Friday, 17 January 2020

Prohibition - never again?

Today marks one hundred years since the start of Prohibition. I've written an article for Spiked about its legacy and the lessons that have and have not been learned.

The problem with arguing about whether prohibition ‘worked’ is that it implicitly acknowledges a false premise. It suggests that the policy would have been commendable had the government been able to enforce it properly. But as Daniel Okrent, author of the excellent Last Call, writes, the worst thing about prohibition was that ‘it took away an individual right’. All the problems we associate with prohibition stemmed from people responding to their right to drink being violated, but we should not imagine that prohibition would have been a ‘success’ if the public had meekly submitted.

In retrospect, it is obvious that there were far too many drinkers in 1920 for national prohibition to have ‘worked’ in the sense of being respected. But even if the US had avoided all the murders and poisonings, there would have been nothing noble about the experiment. It was a hideously illiberal policy with strong undertones of xenophobia and class prejudice, and would have been no less objectionable if drinkers had been an obscure minority. Prohibition was dreadful both in practice and in principle.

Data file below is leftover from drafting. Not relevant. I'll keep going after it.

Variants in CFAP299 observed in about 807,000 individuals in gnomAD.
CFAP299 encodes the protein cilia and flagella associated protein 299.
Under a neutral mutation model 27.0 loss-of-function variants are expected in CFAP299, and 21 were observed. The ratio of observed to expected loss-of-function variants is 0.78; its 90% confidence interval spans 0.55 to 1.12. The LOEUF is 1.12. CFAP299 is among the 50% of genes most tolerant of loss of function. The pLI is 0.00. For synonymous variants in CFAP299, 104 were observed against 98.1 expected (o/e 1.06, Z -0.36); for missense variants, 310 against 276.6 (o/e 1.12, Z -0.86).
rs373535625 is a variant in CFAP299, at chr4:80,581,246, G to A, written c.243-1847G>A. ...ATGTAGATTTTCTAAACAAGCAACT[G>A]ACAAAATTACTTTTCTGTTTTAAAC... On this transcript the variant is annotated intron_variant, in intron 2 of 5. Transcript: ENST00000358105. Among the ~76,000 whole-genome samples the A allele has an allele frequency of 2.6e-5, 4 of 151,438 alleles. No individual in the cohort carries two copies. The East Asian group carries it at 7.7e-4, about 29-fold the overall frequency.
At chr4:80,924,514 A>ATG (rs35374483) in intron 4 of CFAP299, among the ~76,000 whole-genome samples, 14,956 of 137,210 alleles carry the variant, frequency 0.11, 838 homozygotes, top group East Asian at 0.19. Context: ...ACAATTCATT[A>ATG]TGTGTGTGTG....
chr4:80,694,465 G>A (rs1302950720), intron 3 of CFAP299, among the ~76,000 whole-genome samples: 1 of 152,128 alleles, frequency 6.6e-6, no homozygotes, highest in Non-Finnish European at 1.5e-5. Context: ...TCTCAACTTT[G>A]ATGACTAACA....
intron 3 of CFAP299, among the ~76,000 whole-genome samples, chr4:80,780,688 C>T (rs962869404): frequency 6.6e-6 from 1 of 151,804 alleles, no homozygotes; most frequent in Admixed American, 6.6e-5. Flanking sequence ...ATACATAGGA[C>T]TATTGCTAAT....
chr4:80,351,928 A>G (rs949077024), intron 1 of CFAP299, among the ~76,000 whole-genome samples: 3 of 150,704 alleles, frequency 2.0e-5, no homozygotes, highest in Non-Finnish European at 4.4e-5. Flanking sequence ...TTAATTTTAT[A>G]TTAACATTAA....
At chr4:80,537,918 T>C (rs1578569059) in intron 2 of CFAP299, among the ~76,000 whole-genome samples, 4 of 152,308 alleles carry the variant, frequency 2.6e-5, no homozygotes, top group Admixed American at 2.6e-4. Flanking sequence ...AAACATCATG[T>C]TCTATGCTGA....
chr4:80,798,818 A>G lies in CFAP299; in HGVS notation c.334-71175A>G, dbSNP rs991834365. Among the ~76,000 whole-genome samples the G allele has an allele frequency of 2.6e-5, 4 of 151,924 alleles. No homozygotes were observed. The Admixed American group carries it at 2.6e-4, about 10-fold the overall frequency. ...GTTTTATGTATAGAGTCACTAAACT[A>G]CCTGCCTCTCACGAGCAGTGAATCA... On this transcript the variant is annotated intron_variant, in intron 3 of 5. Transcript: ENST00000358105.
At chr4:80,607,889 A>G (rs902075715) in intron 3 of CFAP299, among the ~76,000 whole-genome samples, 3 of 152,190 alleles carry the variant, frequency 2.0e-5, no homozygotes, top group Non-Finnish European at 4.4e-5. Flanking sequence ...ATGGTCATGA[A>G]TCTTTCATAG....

A recent study, which found some positive health effects from earlier statewide prohibitions, finished by saying: ‘Whether or not these benefits exceeded the costs of prohibition remains an open question.’ Why? Because ‘importantly, if individuals are utility maximising, value-of-life measures lose meaning since they do not incorporate the lost utility from forgone alcohol consumption’. The authors are economists, and it shows, but their point is that people enjoy drinking. Assuming they know the risks, drinkers take more out of alcohol than alcohol takes out of them (to paraphrase Churchill). If you deprive them of this pleasure, or make it pricier or more difficult to acquire, you are doing them real harm. This is a crucial aspect of public-health policy that is rarely mentioned in the public-health literature.

Do read it all.

I've also created a Twitter thread of prohibitionist propaganda.

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